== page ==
Boris Dear

Boris Dear
Back in 2016, experimental Japanese sludge rockers Boris spent the better part of the year playing their landmark 2005 album, Pink, to audiences around the globe. It was meant to be a break for the band before they went back into the studio to work on what was meant to be their final album (or at least, for the version of Boris as we know them.) Instead, they were inspired to keep going.
Described as a "grateful" and "sincere letter to fans and listeners," the result — titled Dear — is one of the most consistent records in the band's 25-year career.
Since their beginning, Boris have always had two speeds as a band, delivering either crushing, relentlessly heavy riffs or creating wonderful walls of ethereal, doom-laden sound. Dear finds them preferring the former, creating a 70-minute set that's as slow as molasses and thick as a brick.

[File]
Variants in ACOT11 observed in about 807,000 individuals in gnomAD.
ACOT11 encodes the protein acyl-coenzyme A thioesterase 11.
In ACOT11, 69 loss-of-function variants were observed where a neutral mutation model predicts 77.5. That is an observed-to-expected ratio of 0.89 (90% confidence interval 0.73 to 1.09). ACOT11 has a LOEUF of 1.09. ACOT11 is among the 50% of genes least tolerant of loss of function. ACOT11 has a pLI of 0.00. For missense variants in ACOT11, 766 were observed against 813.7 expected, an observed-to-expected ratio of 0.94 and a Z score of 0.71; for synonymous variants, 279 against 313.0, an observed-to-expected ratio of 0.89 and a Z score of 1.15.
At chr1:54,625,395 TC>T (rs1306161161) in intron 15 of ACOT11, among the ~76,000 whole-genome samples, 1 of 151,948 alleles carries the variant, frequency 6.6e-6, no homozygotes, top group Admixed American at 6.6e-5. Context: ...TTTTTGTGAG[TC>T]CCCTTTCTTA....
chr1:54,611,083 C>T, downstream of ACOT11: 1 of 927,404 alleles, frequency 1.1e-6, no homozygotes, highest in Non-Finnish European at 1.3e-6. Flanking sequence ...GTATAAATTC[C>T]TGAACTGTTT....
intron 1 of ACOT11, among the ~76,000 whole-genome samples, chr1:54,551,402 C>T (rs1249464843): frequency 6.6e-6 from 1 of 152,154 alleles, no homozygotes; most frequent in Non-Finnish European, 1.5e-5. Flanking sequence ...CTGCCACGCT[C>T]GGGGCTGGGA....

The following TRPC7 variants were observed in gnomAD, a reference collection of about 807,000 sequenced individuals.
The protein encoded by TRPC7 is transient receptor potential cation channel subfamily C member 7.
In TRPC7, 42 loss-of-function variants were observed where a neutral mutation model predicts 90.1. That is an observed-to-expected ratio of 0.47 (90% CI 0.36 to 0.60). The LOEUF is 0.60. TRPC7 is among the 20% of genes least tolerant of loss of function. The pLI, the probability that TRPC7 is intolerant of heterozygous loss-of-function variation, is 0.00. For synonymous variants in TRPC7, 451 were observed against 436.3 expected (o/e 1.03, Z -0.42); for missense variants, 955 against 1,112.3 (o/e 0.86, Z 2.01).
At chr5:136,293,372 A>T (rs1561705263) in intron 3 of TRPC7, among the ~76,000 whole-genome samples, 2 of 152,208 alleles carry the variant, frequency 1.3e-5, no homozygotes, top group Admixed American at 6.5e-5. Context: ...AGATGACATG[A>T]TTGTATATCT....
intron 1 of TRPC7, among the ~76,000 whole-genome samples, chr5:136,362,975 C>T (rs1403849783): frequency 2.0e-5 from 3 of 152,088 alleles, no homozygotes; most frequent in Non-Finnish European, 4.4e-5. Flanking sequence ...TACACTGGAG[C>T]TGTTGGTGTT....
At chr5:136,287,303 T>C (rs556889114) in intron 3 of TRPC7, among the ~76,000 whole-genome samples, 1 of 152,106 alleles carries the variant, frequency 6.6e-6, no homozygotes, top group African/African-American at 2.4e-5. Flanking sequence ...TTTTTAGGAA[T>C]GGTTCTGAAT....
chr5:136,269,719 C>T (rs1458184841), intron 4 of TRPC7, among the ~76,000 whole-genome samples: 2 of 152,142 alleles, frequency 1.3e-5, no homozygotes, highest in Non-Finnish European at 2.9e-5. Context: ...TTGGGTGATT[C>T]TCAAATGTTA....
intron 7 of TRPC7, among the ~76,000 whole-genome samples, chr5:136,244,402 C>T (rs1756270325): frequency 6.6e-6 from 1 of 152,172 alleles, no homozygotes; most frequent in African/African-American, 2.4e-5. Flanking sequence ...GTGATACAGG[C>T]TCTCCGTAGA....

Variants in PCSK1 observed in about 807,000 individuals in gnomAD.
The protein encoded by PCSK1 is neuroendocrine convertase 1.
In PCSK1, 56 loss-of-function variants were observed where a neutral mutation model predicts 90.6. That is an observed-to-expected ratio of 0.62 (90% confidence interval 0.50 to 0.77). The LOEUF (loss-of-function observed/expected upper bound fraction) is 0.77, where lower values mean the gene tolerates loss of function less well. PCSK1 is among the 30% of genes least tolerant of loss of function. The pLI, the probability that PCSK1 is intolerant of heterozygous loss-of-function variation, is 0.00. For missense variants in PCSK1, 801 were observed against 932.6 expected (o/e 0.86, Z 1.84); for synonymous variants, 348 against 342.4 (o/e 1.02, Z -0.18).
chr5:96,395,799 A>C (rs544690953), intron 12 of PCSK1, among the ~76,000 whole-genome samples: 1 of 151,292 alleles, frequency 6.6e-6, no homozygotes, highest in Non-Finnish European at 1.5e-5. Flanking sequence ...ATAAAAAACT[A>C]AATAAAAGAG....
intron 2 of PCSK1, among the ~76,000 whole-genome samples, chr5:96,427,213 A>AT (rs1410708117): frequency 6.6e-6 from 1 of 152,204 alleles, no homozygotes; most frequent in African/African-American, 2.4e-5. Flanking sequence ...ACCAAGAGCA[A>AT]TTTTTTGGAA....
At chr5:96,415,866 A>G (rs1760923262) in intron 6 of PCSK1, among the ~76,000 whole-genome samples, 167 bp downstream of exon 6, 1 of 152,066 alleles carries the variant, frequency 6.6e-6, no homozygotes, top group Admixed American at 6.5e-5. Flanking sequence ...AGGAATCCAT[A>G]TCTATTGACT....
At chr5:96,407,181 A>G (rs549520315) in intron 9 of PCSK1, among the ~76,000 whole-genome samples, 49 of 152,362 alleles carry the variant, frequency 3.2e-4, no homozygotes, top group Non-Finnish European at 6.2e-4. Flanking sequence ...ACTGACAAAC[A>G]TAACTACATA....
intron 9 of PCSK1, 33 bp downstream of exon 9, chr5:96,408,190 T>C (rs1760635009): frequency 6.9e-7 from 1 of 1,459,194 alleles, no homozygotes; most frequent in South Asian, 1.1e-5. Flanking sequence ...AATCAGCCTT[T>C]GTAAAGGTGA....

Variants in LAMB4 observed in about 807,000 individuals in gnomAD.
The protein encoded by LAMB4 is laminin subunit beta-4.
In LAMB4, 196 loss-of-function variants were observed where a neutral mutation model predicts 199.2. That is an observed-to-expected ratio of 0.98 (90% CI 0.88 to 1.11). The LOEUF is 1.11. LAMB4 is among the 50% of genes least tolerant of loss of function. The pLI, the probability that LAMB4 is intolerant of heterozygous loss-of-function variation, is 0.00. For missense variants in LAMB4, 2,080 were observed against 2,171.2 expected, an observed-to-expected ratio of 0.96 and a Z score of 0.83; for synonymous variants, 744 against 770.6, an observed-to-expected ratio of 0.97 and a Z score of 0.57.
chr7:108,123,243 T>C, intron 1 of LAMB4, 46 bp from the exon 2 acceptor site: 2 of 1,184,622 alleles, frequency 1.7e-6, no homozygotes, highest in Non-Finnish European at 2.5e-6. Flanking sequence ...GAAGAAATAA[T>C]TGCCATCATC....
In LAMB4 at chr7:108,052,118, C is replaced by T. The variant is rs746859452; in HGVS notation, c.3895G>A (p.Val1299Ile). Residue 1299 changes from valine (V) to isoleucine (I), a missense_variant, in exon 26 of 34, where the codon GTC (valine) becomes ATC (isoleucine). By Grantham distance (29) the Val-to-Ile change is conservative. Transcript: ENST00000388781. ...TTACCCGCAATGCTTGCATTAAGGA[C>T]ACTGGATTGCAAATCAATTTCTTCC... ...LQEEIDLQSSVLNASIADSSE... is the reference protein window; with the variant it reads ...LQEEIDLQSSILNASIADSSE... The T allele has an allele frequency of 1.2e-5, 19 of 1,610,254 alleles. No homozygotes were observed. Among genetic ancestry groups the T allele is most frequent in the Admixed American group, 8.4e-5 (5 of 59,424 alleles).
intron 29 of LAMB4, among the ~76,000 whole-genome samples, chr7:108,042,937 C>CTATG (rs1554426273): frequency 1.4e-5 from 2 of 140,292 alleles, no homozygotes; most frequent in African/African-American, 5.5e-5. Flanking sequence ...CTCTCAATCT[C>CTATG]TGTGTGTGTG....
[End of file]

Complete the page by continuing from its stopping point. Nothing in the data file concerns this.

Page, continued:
Casual listeners will see this effort as Boris going back to their roots, but like all bands who tread in the same kind of swirling, psychedelic, stoner metal swamp, it's the subtleties that separate this album from the rest, like the surprisingly clean guitar chords and four-on-the-floor drumbeat of "Biotope," Wata's tender vocal turn on "Beyond" and drummer Atsuo Mizuno's demonic yowls at the end of "Absolutego."
If you dig deep enough, it's an album filled with surprises from a band that continue to impress. (Sargent House)